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Lessons Learned in the Pantry

This Thursday I was back at cooking classes and it was great to back…especially on such an awfully chilly day in Seattle during the summer.  Six of us went to the class, which was a demo style but had the two components:  the chef = technique and the store owner = product knowledgeable.  And boy did I learn a ton.  I wanted to share some of the things that I learned in the class that I will start using in my own cooking.

  • Rice bran oil is my next purchase.  I would have bought the half gallon for $13.50 right then and there but I wasn’t sure if it was a good price and I didn’t really want to take it on my scooter.  But now I need it.  We learned that rice bran oil is far better to cook with than olive oil. Olive oil is cold pressed and is best used in salads and for finishing.  It has great flavor and is healthy but loses both its flavor and healthfulness as soon as it reaches hot temperatures.  Rice bran oil on the otherhand can heat up to 450 degrees without being altered chemically.  It has all those monounsaturated fats that are good for you and they stay good for you.  It also has a 3 year shelf life unlike olive oil that is best used in about 3 months.  It is also flavorless which makes it better for a multitude of applications in cooking.  And finally it is much thinner so you end of using less of it when cooking.  And cheaper!  I need my half gallon and then I can save some good olive oil for salads and what not.
  • We learned a ton about salts.  Basically my take away was unless you don’t live around salty waters (soils) or eat seafood you get plenty of iodine and should not be using iodized table salt or kosher salt.  Everyone essentially should be using sea salt when they cook their own food.  We got to taste test a few included fleur de sal.
  • Olive oils are still amazing when used as they should be.  We sampled four different olive oils.  We sampled one with nicoise olives so it is a bit nuttier and buttier, we sampled one with kalamata which was less of the above, one that was fermented like they used to do years ago, and one that was Sicilian and very grassy tasting to me with a big hit of pepper.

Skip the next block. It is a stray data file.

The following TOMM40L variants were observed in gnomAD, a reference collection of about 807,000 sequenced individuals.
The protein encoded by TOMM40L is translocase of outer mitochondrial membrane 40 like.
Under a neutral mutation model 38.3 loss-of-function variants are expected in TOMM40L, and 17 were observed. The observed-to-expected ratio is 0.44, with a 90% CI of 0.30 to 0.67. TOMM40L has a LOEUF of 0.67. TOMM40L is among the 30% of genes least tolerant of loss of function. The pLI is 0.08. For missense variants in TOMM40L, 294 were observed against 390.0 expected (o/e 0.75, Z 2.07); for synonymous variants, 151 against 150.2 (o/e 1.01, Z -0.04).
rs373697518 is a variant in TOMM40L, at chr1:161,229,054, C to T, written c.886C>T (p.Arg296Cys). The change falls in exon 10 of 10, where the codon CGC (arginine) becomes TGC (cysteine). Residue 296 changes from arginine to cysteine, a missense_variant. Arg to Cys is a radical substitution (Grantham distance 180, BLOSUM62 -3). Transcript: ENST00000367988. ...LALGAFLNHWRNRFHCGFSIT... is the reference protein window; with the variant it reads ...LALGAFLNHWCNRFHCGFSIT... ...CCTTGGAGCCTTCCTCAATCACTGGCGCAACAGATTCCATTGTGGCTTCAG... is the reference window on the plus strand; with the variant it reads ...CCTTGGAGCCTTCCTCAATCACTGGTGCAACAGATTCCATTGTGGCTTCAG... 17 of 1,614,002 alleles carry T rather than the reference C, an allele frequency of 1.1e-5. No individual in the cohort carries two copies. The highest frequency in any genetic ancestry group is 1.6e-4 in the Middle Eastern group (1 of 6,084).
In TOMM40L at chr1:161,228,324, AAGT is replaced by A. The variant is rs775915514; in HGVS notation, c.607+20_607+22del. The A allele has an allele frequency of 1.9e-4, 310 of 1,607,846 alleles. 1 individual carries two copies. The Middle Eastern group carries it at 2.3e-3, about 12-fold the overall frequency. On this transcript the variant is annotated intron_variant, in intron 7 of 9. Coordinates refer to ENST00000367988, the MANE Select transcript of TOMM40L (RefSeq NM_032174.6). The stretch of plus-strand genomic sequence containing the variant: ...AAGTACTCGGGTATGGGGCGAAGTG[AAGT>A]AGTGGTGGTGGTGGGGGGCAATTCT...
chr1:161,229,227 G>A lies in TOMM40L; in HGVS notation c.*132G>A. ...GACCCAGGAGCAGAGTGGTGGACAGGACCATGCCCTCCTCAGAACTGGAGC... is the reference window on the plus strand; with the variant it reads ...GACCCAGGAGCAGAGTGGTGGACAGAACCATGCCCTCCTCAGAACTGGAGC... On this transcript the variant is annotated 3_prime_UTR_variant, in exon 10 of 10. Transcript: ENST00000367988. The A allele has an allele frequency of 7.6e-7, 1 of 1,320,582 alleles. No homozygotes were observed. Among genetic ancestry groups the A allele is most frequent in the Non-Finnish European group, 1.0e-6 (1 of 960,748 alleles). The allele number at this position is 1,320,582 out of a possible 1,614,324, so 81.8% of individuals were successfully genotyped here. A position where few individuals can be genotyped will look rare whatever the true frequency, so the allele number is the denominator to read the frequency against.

• We learned how to make a roumelade (or essentially a mayonaise or aioli).  You use two egg yolks so to be safe she explained hos to either sit them with the lemon juice or vinegar that you are using for up to an hour at room temperature, or you can put the eggs in boiling water for 90 seconds to kill the bacteria.  Then we used a mini food processor to blend the yolks and lemon juice together.  We added a very little amount of EVOO at first to make sure the emulsificaiton process started.  Then you add the oil in a steady stream until all combined.  Super easy but unlike mayo that you buy at the store this mayo only lasts 3 days in your refrigerator…makes you rethink how long we store mayo in our fridge and what they must do to it to make it last so long.
  • We talked about differences in capers…ones salted and ones brined.  The salted ones keep their texture better and just need to be rinsed off.  Ones brined should also be rinsed to remove some of the brine but they are generally mushier.
  • We learned how to select chocolate, how to cut an onion the best way I’ve seen, how to mince herbs, and how to use a mandolin slicer.

All of the food was very delicious and these were actual recipes that I probably have ingredients for at home (or you know in storage) and would feel comfortabe making again.  I just learned so much and that was a pleasant surprise!

Chelsea  

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